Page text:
Fight Like Hell : The Untold History of American Labor

Kelly Kim

Simon & Schuster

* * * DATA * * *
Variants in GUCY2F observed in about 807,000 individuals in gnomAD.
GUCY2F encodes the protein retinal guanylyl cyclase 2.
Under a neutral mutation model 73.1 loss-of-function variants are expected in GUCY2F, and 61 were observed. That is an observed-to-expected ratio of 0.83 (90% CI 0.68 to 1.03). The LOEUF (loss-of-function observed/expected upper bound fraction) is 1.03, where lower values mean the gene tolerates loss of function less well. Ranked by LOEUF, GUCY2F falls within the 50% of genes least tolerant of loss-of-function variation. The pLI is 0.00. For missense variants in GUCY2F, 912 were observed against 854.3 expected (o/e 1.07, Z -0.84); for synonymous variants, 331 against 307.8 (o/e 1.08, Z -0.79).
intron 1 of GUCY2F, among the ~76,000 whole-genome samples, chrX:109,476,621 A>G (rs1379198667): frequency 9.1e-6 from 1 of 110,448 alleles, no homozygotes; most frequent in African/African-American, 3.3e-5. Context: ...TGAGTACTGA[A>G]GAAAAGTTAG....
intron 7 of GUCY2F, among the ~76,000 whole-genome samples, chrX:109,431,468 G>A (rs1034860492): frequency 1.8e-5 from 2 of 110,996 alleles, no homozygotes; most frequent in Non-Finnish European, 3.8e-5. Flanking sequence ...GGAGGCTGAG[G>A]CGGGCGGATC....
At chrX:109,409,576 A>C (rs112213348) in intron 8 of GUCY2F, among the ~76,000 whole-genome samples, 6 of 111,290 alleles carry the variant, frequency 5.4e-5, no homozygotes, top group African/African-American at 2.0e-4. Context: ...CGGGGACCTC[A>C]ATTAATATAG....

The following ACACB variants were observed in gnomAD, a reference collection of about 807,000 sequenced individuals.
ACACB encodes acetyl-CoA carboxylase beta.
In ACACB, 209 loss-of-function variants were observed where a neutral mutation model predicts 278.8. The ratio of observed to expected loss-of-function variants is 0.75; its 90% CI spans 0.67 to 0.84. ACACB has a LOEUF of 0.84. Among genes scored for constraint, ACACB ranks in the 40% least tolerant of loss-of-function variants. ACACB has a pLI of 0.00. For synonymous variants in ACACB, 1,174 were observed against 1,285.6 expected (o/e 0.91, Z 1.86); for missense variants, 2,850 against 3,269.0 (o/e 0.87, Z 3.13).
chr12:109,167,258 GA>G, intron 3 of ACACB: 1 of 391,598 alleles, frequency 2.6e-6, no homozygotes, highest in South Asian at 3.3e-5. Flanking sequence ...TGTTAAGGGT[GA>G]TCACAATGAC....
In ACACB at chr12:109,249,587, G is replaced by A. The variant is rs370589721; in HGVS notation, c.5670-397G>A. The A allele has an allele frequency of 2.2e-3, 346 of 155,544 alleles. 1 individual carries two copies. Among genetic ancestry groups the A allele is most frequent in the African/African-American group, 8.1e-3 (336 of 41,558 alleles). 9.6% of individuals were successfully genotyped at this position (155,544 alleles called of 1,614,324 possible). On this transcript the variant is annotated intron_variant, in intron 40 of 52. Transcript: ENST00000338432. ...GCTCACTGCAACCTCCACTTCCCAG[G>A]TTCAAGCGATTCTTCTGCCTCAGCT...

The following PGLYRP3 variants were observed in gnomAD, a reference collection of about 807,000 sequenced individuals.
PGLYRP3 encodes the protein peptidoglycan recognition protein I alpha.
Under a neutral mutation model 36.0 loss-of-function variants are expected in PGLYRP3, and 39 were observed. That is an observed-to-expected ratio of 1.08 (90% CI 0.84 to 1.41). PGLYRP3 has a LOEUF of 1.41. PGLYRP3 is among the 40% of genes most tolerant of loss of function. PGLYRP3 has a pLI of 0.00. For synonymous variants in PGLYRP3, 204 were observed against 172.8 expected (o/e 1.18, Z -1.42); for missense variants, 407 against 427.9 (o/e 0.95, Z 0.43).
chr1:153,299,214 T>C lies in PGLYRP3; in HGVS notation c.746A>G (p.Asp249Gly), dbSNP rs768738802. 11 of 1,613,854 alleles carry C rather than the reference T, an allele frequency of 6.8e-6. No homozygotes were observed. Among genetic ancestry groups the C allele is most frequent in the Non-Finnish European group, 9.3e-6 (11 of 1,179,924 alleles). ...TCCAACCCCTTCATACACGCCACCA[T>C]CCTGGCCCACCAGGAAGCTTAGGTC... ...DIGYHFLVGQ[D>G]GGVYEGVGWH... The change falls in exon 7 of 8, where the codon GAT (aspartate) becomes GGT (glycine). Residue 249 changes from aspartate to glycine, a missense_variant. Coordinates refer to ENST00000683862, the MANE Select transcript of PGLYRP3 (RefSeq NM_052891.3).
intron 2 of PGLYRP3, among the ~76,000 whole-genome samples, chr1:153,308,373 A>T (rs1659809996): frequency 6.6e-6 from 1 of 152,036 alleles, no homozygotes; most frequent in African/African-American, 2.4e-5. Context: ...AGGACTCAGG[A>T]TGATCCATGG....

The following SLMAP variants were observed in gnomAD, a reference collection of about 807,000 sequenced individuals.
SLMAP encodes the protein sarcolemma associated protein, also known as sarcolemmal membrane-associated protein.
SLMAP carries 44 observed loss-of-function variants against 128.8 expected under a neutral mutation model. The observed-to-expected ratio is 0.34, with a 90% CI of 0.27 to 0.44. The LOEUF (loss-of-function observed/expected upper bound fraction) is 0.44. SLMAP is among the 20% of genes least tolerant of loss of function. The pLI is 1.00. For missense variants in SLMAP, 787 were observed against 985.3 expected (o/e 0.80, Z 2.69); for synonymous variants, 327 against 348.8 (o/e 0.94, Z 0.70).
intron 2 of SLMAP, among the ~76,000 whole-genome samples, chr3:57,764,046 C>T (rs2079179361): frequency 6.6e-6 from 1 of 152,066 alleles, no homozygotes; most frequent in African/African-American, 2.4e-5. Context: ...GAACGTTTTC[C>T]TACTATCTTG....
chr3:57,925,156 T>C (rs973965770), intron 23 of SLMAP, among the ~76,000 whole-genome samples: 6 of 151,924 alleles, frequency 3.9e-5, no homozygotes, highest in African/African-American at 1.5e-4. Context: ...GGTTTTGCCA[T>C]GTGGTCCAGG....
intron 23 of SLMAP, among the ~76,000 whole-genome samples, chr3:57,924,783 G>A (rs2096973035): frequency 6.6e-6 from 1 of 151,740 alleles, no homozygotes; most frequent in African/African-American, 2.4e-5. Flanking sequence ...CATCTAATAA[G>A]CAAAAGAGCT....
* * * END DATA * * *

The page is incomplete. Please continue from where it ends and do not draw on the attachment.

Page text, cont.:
Freed Black women organizing for protection in the Reconstruction-era South. Jewish immigrant garment workers braving deadly conditions for a sliver of independence. Asian American fieldworkers rejecting government-sanctioned indentured servitude across the Pacific. Incarcerated workers advocating for basic human rights and fair wages. The queer Black labor leader who helped orchestrate America's civil rights movement. These are only some of the working-class heroes who propelled American labor's relentless push for fairness and equal protection under the law. The names and faces of countless silenced, misrepresented, or forgotten leaders have been erased by time as a privileged few decide which stories get cut from the final copy: those of women, people of color, LGBTQIA people, disabled people, sex workers, prisoners, and the poor. In this assiduously researched work of journalism, columnist and independent labor reporter Kim Kelly excavates that history and shows how the rights the American worker has today-the forty-hour workweek, workplace-safety standards, restrictions on child labor, protection from harassment and discrimination on the job-were earned with literal blood, sweat, and tears.

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